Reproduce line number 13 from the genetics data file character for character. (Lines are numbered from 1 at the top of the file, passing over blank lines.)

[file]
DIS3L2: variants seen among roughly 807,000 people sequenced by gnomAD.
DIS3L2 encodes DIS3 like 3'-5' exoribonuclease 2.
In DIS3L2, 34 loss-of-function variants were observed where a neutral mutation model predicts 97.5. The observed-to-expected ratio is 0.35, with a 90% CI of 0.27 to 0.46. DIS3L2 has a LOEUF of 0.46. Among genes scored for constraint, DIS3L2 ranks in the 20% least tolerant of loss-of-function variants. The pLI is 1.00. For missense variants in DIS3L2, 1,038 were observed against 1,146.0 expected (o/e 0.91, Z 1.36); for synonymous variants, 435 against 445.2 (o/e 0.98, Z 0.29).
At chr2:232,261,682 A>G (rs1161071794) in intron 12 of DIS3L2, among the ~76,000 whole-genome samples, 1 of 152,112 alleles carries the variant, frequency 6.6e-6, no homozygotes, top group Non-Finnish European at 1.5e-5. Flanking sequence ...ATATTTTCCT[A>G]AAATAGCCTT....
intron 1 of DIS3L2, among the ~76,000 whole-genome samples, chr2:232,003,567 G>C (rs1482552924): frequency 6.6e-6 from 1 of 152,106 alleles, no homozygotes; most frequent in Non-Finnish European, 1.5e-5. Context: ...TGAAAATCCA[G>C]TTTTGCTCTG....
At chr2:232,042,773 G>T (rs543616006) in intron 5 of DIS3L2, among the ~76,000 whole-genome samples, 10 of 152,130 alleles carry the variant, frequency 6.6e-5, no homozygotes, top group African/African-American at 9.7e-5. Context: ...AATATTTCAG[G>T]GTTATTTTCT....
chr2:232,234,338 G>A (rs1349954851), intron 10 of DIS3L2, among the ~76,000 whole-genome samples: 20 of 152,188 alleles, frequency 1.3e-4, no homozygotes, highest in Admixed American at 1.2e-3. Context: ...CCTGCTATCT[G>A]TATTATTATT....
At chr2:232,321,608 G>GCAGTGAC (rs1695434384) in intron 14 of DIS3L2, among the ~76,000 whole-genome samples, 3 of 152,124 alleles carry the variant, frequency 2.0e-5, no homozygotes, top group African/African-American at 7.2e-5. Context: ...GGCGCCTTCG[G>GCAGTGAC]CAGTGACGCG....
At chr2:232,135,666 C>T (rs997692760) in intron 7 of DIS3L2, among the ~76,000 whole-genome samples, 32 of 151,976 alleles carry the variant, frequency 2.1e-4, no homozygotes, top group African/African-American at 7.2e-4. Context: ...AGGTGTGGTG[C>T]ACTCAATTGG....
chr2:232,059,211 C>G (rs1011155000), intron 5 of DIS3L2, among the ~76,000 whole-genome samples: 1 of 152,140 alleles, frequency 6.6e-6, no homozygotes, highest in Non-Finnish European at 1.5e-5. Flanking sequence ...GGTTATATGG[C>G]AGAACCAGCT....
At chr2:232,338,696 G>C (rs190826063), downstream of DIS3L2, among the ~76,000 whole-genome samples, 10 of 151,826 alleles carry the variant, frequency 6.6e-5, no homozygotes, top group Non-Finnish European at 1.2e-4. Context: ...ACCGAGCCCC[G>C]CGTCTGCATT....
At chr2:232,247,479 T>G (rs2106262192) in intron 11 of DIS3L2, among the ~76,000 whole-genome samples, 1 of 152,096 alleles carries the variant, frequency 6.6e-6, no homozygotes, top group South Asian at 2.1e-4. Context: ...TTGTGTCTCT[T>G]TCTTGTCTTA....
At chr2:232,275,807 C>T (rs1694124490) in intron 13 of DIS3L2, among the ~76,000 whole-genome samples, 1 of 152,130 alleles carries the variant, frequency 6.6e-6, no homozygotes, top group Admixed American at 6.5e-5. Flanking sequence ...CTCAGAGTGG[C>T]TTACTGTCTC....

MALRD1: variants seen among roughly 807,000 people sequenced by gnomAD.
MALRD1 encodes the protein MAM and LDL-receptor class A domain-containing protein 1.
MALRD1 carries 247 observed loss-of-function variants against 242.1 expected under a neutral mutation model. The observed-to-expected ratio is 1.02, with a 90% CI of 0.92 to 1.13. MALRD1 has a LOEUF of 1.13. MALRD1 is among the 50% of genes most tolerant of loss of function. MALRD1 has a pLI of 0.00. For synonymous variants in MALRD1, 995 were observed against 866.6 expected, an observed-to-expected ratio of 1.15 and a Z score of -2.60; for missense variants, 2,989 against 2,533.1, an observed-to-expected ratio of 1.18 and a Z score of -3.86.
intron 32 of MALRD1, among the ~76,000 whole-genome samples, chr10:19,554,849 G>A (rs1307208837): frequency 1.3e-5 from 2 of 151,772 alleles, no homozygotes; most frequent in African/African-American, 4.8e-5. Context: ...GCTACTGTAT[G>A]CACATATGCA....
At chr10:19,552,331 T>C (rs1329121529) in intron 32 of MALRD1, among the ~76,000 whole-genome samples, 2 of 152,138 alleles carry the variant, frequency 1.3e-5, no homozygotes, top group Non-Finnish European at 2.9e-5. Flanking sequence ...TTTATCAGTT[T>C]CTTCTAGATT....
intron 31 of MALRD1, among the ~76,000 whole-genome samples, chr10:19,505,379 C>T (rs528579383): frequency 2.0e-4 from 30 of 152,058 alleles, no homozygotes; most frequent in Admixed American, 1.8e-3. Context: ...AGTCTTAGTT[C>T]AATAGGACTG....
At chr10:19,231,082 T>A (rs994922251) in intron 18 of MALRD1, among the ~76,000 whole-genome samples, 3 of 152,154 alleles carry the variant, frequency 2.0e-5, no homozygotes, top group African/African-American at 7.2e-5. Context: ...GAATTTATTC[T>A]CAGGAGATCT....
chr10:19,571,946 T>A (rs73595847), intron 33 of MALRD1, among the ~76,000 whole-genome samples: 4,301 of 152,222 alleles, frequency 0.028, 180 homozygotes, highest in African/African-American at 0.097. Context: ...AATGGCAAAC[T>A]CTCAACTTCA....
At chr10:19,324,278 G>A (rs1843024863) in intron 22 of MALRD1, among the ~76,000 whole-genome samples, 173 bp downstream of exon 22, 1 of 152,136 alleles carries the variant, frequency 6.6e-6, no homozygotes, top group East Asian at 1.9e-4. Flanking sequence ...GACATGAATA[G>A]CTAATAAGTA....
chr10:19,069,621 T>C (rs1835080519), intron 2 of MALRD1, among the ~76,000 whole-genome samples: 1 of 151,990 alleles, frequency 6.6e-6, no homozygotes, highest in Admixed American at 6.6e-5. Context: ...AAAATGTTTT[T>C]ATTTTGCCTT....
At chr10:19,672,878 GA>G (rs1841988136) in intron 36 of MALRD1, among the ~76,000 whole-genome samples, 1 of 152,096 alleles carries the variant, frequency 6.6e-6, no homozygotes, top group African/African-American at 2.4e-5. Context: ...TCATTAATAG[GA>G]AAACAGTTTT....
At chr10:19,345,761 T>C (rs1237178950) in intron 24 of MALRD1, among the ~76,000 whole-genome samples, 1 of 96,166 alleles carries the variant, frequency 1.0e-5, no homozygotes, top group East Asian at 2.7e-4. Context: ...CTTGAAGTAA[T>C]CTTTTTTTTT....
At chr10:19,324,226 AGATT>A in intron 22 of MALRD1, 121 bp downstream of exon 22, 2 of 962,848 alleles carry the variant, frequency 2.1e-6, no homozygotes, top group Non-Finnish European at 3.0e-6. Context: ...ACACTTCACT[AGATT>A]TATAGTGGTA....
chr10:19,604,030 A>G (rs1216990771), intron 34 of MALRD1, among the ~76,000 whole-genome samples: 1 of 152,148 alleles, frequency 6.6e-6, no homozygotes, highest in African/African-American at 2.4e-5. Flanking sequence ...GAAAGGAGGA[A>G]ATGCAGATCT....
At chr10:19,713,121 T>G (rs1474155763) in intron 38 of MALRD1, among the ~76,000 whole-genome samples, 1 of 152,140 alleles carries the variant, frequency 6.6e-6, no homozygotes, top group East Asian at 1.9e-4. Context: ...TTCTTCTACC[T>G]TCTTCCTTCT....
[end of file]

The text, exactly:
At chr2:232,275,807 C>T (rs1694124490) in intron 13 of DIS3L2, among the ~76,000 whole-genome samples, 1 of 152,130 alleles carries the variant, frequency 6.6e-6, no homozygotes, top group Admixed American at 6.5e-5. Flanking sequence ...CTCAGAGTGG[C>T]TTACTGTCTC....